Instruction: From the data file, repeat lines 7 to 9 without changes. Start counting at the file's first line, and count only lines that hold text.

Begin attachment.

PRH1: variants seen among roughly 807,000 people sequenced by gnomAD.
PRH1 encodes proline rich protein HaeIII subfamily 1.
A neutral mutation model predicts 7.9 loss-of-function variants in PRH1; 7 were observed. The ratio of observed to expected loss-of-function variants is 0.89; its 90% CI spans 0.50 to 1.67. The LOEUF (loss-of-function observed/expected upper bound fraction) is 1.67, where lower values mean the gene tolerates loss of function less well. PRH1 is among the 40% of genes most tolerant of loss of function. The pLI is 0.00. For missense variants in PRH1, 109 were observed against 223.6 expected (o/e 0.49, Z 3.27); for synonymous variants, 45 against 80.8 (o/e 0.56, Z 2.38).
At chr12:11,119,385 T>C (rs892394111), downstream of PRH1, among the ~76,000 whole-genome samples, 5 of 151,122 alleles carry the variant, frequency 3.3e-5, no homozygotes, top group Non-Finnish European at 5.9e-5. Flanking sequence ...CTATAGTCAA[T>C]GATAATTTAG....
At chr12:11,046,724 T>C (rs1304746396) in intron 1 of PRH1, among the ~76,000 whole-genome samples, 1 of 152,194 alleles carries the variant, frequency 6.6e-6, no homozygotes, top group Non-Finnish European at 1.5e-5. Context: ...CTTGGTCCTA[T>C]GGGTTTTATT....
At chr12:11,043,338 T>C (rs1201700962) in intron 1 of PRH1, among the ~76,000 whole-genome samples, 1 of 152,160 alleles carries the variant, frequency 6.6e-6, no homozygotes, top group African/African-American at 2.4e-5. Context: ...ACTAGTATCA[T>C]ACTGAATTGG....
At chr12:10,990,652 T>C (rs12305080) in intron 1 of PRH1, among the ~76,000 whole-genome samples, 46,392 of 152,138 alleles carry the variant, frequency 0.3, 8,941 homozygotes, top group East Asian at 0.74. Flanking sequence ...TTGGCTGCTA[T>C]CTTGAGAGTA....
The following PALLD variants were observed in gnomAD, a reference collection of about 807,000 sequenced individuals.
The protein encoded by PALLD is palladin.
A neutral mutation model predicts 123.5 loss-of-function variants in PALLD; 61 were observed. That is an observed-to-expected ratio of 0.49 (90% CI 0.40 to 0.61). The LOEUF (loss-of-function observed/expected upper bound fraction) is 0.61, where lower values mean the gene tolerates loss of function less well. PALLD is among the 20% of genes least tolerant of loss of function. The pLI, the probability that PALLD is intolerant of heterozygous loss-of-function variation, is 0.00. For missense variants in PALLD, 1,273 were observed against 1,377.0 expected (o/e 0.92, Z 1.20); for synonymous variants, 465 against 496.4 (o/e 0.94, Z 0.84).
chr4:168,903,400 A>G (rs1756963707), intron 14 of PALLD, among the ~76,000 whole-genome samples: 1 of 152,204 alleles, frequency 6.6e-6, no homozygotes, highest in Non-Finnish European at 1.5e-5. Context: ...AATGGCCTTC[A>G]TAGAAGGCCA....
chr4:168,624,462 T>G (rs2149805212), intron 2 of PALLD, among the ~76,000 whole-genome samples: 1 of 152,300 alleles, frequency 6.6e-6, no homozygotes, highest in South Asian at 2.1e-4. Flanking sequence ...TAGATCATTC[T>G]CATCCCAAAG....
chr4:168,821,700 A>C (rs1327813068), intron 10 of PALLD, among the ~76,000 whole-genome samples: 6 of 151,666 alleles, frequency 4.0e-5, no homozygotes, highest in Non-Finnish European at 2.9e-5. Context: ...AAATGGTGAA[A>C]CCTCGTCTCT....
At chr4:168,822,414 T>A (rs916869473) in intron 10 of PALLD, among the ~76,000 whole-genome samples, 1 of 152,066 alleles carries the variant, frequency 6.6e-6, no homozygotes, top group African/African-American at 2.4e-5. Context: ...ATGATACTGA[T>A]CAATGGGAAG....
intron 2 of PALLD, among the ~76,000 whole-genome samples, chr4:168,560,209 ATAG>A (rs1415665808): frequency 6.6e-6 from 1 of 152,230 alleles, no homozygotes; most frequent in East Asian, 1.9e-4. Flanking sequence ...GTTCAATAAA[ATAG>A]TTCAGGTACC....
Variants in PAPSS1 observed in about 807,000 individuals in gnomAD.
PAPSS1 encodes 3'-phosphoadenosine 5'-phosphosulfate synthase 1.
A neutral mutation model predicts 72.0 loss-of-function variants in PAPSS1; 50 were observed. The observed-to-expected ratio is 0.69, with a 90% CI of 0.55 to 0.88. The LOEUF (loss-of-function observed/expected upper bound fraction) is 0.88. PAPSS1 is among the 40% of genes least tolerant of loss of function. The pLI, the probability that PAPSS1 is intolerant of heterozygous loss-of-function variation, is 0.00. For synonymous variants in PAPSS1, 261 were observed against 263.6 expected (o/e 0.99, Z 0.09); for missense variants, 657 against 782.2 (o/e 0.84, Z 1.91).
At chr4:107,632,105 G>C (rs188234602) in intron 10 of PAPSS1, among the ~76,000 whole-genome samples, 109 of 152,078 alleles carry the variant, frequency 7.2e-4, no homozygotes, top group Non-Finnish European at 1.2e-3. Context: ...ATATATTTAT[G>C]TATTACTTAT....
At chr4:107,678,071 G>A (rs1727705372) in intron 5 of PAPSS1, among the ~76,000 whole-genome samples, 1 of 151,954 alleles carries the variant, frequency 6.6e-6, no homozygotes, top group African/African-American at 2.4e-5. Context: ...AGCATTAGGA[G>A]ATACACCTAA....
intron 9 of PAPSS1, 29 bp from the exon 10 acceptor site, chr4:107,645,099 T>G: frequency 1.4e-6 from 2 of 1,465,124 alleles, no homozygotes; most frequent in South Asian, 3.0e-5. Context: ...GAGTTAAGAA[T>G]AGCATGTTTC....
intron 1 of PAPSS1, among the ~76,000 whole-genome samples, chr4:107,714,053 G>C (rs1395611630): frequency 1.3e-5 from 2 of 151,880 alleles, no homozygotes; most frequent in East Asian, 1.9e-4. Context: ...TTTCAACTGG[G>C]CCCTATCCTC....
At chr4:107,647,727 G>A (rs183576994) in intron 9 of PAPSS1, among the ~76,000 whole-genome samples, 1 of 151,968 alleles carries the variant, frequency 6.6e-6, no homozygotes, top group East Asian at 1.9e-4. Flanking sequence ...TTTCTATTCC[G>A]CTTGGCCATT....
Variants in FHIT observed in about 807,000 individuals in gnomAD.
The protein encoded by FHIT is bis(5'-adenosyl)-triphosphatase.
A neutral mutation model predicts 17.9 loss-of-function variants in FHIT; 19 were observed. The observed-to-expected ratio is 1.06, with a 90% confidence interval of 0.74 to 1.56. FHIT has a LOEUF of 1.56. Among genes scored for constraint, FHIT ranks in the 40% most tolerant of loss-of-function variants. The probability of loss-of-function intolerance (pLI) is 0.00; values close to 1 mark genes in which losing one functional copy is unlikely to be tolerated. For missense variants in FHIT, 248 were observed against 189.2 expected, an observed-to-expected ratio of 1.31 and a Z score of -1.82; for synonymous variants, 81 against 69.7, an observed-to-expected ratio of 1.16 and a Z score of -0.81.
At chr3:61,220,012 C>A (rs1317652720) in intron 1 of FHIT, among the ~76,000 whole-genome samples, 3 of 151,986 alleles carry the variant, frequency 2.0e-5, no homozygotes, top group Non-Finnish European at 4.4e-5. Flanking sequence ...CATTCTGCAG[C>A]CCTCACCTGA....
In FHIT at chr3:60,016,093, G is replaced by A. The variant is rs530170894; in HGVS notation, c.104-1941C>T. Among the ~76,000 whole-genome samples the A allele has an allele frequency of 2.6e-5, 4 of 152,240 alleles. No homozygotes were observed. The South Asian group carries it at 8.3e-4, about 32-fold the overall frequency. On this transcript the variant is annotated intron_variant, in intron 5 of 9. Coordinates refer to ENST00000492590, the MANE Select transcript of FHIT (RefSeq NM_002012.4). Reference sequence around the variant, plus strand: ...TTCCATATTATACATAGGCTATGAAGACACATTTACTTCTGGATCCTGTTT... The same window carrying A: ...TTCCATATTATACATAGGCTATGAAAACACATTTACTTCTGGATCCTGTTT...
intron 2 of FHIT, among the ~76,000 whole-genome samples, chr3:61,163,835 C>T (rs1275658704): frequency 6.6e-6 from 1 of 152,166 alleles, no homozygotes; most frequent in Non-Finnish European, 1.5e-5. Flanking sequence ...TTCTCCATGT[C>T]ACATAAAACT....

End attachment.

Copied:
At chr12:10,990,652 T>C (rs12305080) in intron 1 of PRH1, among the ~76,000 whole-genome samples, 46,392 of 152,138 alleles carry the variant, frequency 0.3, 8,941 homozygotes, top group East Asian at 0.74. Flanking sequence ...TTGGCTGCTA[T>C]CTTGAGAGTA....
The following PALLD variants were observed in gnomAD, a reference collection of about 807,000 sequenced individuals.
The protein encoded by PALLD is palladin.